This is another cross-posting from the SALT blog.
Written by Martha McCluskey
Why was the message of austerity so appealing to economically insecure voters in this week’s election? A more intellectual version of this passionate opposition to social spending, regulation, and deficits has become conventional wisdom in legal academia, thanks in part to several decades of lavishly funded law-and-economics programs.
The populist enthusiasm for austerity helps bring out a striking tension within the familiar efficiency-maximizing ideal of law-and-economics. Efficiency is supposed to stand for increasing the size of the economic pie – for aggregate growth or maximization of resources (sometimes termed “welfare”) – as opposed to distribution of the economic pie (equity or fairness). It teaches that soft-hearted liberals and progressives might want to spread the wealth around, based on our concern for some group of have-nots, but we will end up doing more harm than good to those have-nots if we don’t subject our compassion to a hard-nosed rationality that weighs the benefits of redistribution against the costs to growth. If we choose policies aimed at equity for the have-nots over aggregate growth, we will end up with fewer resources to distribute, with the result of increasing the problem of have-nots. So, the truly compassionate and moral – and rational – policy is to maximize overall growth, which should make it easier (and fairer) to spread the wealth around.
Yet how does law-and-economics teach us to maximize growth? Typically, by promoting austerity.
At the level of normative or prescriptive policy, law and economics generally has promoted and rationalized neoliberal policies like structural adjustment, balanced budgets, deregulation, reduced social safety nets, and reduced rights for workers – all of which explain in some way how accepting less will bring us more, at least in the long run, in the aggregate. At the more basic level, the logic of the seemingly more descriptive law and economics teaches us that focusing on scarcity – accepting constraints on growth as inevitable – is the best way to maximize growth. Efficiency means choosing that allocation of inevitably scarce resources that will produce the least waste and the greatest aggregate gain. But how do we know when and where and for whom a given resource is naturally or inevitably scarce – so that belt-tightening austerity is the best solution to not-having? And how would we know that this belt-tightening austerity – this presumed scarcity – is just a way to keep increasingly squeezed people from challenging those who are taking the pie to achieve narrow short-term gains? Or, returning to the recent election, how do we know when austerity is a way of redirecting complaints about being hungry to those who try to put good food on the table (or to those who are competing for the crumbs) rather than to those who are stealing it off our plates?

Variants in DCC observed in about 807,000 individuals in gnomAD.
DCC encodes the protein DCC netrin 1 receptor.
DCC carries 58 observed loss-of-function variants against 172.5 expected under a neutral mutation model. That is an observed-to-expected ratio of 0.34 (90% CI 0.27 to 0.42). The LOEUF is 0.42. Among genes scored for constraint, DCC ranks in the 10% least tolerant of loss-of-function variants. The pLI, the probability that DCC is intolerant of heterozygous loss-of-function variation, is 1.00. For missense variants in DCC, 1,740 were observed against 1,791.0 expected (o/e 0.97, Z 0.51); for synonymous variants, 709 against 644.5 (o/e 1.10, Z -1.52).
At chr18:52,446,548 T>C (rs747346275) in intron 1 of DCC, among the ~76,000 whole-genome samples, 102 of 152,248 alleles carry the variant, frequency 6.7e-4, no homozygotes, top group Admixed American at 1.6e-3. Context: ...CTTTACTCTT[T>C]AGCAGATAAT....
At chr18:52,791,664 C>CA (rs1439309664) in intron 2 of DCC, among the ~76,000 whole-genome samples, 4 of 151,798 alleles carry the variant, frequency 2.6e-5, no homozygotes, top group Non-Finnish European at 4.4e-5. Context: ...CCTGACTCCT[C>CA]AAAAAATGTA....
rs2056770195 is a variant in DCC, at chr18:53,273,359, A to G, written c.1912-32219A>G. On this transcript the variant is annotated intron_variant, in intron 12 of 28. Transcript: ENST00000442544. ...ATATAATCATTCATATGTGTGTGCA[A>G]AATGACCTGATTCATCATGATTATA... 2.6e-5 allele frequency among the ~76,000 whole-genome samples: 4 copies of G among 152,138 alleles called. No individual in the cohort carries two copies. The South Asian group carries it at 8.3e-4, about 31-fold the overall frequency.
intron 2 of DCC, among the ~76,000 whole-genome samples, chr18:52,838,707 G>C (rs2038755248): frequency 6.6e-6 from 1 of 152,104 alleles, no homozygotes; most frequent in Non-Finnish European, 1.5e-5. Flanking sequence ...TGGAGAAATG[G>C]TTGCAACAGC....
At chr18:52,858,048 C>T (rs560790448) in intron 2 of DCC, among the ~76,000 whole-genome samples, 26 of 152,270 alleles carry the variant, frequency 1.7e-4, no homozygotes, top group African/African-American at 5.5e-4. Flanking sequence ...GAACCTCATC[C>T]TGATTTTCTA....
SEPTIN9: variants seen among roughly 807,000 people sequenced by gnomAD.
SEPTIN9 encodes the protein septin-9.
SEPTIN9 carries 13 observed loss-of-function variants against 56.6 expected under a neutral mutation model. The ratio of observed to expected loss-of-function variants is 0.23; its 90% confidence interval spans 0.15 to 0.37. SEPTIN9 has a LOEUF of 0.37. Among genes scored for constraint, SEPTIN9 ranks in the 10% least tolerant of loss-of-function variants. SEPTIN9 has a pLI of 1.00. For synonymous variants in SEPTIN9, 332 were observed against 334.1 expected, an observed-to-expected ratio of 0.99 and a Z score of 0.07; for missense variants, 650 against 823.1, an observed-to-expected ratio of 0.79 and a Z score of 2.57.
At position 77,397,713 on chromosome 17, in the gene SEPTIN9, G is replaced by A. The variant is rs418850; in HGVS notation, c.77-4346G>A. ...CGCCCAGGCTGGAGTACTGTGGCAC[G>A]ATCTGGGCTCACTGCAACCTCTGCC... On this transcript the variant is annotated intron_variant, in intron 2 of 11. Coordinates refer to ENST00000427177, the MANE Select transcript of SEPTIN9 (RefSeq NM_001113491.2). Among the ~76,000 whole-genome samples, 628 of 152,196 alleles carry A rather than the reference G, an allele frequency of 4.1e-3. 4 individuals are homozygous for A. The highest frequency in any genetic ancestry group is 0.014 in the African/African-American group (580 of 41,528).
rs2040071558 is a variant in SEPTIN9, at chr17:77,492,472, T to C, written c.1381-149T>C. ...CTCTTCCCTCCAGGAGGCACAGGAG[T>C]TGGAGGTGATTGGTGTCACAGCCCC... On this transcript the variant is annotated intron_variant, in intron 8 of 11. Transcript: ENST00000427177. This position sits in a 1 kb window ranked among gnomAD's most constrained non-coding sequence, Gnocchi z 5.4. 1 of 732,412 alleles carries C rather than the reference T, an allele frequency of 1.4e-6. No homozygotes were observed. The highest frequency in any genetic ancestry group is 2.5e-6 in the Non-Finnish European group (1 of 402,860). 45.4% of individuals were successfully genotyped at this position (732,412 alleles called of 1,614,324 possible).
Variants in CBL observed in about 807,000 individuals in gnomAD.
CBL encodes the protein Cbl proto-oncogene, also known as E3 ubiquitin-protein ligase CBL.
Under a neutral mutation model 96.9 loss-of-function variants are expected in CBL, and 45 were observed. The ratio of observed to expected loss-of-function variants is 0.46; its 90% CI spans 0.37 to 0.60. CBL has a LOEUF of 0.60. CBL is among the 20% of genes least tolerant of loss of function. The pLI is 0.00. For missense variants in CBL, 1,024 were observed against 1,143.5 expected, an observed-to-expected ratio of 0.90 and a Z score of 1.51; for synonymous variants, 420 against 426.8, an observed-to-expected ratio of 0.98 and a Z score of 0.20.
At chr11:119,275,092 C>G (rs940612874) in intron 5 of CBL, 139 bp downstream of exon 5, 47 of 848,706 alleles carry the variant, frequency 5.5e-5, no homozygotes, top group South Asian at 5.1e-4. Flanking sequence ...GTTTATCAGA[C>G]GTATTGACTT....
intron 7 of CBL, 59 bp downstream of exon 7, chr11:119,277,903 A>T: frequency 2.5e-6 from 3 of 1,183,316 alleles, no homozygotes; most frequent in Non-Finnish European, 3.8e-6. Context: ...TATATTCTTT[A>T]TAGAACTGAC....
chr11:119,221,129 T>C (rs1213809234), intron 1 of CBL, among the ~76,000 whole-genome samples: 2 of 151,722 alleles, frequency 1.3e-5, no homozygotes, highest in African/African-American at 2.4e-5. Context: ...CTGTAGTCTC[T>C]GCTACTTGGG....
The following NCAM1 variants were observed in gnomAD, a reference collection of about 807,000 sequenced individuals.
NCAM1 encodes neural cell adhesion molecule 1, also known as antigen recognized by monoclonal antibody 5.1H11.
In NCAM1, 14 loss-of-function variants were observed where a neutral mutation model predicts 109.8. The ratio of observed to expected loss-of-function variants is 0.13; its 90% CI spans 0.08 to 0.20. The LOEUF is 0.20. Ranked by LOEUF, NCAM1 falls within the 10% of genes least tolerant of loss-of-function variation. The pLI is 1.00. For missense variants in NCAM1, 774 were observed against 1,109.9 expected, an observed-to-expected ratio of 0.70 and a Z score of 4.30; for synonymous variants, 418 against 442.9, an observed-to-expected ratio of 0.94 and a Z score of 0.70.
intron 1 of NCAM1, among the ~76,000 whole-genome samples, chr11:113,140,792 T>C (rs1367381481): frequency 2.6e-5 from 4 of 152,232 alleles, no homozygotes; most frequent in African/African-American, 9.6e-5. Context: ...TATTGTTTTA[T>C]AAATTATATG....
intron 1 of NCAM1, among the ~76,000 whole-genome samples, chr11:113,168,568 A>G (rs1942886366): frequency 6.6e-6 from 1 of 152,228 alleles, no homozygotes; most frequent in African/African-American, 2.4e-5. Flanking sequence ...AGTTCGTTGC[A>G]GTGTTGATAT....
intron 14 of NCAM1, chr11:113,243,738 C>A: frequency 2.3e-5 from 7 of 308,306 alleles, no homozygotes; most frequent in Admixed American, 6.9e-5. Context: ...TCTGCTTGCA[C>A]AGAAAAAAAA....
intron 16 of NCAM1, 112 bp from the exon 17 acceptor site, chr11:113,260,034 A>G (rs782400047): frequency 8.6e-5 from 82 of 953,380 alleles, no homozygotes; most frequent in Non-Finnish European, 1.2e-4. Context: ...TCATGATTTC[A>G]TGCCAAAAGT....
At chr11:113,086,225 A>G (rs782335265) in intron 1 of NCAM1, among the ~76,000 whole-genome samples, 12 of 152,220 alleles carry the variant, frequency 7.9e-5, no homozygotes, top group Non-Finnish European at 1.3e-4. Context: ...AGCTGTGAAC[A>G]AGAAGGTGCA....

The legal theory that austerity brings growth relies on market magic for its logic: with a wave of the invisible hand, when individuals give in to the discipline of tough choices, we will be transported to a world of the best possible choices in the aggregate. If individual workers submit to low-waged jobs with reduced security, safety, benefits, environmental protection – rather than demanding policies to make jobs better — voila, we’ll eventually have more jobs with better security, benefits, safety, environmental protections etc., (leaving as a technical aside the questions of which of us and how many of us will actually get those better jobs).
This “logic” has intuitive appeal, as the recent election rhetoric suggested, because the dire economic context helps us ever more vividly imagine how our individual circumstances really are constrained, hemmed in by a scarcity outside of our control, so that it appears we can individually do little other than lower our expectations, hoard, hate, and do without.
But this essentialized scarcity is legal fiction more than economic science. Many versions of economics explain – with substantial basis in evidence as well as logic – how and why policies enforcing individual austerity for most are likely to lead to aggregate austerity and instability, not growth. Further, this myth of social well-being through individualistic austerity contradicts the reality that the contemporary “haves” enjoy their enormous gains not simply through individual sacrifice and savings but through extensive collective action, particularly by claiming the enormous power of government – law – to protect their interests, whether through the Federal Reserve, the U.S. Congress, or the World Trade Organization. Though many tea party activists may well understand this power of government to bring security to some, they have lost faith that the laws governing the economy can be changed to make things better for more people.
To challenge the politics of austerity, we need an equitable jurisprudence of plenty. That jurisprudence would shift the main focus of legal economics away from maximizing resources (however defined) within fixed conditions of scarcity. Instead, it would focus on scrutinizing the policies that make resources so scarce for so many individuals and societies. Instead of calculations of tough tradeoffs, it should scrutinize and re-imagine the legal conditions and institutions that constrain particular resources for particular people.
For just one intriguing example, Tim Canova recently noted how North Dakota’s longstanding and successful state-owned bank has helped reduce the tax burden in that state along with providing affordable, sound credit. To quote Robert Gordon’s essay in the classic Politics of Law, critical legal theory and teaching can help by challenging law’s “false necessity,” and by striving “to demonstrate … over and over again, [that] the arguments for why nothing important can change are no good.”